Twice this week I have wanted to stop the exercise I was doing. Two times mental strength has had to take over and persuade me to carry on. It’s not always the right thing to do and knowing when to listen to that voice in your head and when to turn it around can be tricky.
Yesterday I ran the Belvoir Challenge marathon. It is an off road (trail) marathon which has a reputation for two reasons; mud and cake! It certainly provided both by the bucketload. The sun was shining on the frozen ground as we started and I felt good. It quickly became clear that some previous rubs from a different pair of trainers I had worn earlier that week were going to be a problem. At the first checkpoint (there were 4 checkpoints on the run, each providing cake, sandwiches, sweets and drinks) I stopped and quickly whacked on some blister plasters.
The pain from my feet didn’t abate and jumping from a stile I felt an old hip injury jar. As my body started to falter my mind did too. Less than 8 miles into a 26 mile run and I was seriously questioning if I could finish. Three letters popped into my head; DNF. DNF are the dreaded letters no one wants after their name on race results. They stand for Did Not Finish. I have seen many a blog post lamenting the acquisition of these. Would these letters be mine today? Only I could decide.
You’re not the only one
As I drew alongside another runner we struck up a conversation. We were passing beautiful Knipton Reservoir and I told him I had just been trying a mental break down the rest of the run into bite sized chunks. His reply ‘that’s exactly what I’ve just been doing’. Just what I needed to hear! I wasn’t alone. We gave each other words of encouragement and parted ways.
Checkpoint 2 was at 12.2 miles, still less than halfway. Now my knee had joined in with the niggling pain. Iceland came into my head. If I carried on now I could make these injuries worse and really stuff up running across Iceland. I made a choice. Two co-codamol went down my throat, along with some flapjack. I pushed on form the checkpoint as quickly as I could, before my body seized up!
As I crossed the next field I stumbled. The worst of my blisters (or so I presumed, I daren’t stop and look) sent out a shock of pain. I bit hard on my finger to distract me.
Remember why you’re there
The pain killers did not kick in quickly. When you are exercising like this you don’t digest very quickly. I was going to have to give myself a talking to. Firstly I reminded myself why I was there. I love running! This race was going to take about five hours and that meant five hours of head space. Time for me to think about everything and anything I wanted to. Space to consider my life; what is making me happy, what is not, where is life going next. I love that you can achieve all of this by going for a run.
I was also surrounded by gorgeous countryside. The ground was so uneven and muddy that I sometimes found myself staring at my feet. Far nicer to slow down, lift your head and enjoy.
Give yourself a get out
I told myself that checkpoint 3 (17.2 miles) was my decision point. At any checkpoint you could quit and they would drive you back to the start. I didn’t want to finish in a car but I had to think of Iceland.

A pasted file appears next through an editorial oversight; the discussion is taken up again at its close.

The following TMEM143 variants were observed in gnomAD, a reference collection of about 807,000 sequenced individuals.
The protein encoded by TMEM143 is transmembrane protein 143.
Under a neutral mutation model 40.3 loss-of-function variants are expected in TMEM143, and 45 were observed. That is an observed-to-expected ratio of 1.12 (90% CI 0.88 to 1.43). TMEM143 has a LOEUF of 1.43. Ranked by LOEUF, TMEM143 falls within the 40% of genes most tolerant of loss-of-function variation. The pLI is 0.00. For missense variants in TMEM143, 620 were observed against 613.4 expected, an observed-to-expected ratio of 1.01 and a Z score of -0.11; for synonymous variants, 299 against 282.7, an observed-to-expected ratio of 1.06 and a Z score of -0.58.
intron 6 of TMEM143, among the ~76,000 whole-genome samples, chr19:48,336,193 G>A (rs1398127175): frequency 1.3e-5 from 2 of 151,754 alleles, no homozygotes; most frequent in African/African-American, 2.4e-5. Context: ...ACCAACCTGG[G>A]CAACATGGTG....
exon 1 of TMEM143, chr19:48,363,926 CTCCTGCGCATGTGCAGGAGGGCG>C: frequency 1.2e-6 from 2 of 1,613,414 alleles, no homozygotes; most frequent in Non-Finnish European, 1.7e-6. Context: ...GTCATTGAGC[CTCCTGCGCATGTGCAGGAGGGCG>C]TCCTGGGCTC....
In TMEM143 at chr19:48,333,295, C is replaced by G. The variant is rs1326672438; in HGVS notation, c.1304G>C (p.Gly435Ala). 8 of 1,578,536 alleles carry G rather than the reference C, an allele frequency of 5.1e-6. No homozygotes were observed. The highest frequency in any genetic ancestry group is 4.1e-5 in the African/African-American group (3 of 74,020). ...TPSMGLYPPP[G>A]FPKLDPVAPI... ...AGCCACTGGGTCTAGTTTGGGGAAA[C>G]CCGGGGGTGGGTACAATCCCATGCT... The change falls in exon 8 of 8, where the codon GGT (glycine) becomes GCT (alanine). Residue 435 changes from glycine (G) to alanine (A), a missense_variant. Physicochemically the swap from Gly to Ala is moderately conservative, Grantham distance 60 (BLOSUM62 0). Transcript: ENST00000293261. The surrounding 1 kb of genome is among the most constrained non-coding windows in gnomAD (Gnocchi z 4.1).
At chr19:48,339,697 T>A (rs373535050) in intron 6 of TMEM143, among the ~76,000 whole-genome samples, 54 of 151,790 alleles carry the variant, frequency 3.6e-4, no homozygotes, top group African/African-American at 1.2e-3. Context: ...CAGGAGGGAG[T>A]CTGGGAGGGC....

Arriving at the checkpoint I felt a little better. The pain killers had started to take the edge off. Another mental breakdown; it’s 4 miles to the final checkpoint. I can run 4 miles. After that it’s 5 miles to the finish. I can run 5 miles. My mind totally banished the thought of the total being 9 miles.
Despite eating at both checkpoints and snacking on a Luchodillito (a great alternative to energy gels) my stomach felt empty. That meant I was running low on energy. Soon I would start to feel cold. I struggle to eat much when running but forced myself to eat a little more at this checkpoint and I grabbed half a mars bar for nibbling on (well, inelegantly chewing while trying to breath through my mouth) while running.
For me finishing is winning! I will never be the fastest in a field. That’s not to say I don’t set targets. I do like to finish well in the top half and for this race I set myself a target time of five hours.
I don’t have a running watch at the moment. For the entire race the only time I knew what distance I was at was when I got to a checkpoint. I never looked at the time.
The final checkpoint came into view far sooner than I expected and I felt tears of relief prick at my eyes. ‘Too soon to cry Cadi, you can’t breathe if you get emotional!’ One final food stuff and I set off for those final few miles. Running along one of my favourite paths, on a ridge in the woods near Belvoir Castle, I took in the views and smiled. Passing another runner we smiled with relief ‘we’ve got this now’ I told him ‘Yeah, we do!’ he replied.
We had now re-joined the route of the 15 mile race and were overtaking the walkers. Their words of encouragement as I passed meant a lot.
And I made it. I finished. And I enjoyed it, I think! 4 hours, 59 minutes, 57 seconds = one happy Cadi.
But should I have stopped?
When mental strength means stopping
I have been lucky. The blisters are bad and my muscles ache but my hip and knee seem fine. I took a risk and it paid off. If they had deteriorated I know I would have stopped but by masking the pain with painkillers I could have done myself damage.
The reason I didn’t stop was I felt fit. Something in my body was telling me I could do this. On another day I may have got a different message and it is important to know when to stop. Some days our bodies are tired and carrying on is just detrimental.
It would have actually taken more mental strength for me to stop. I will hold that with me.
Never Miss An Adventure!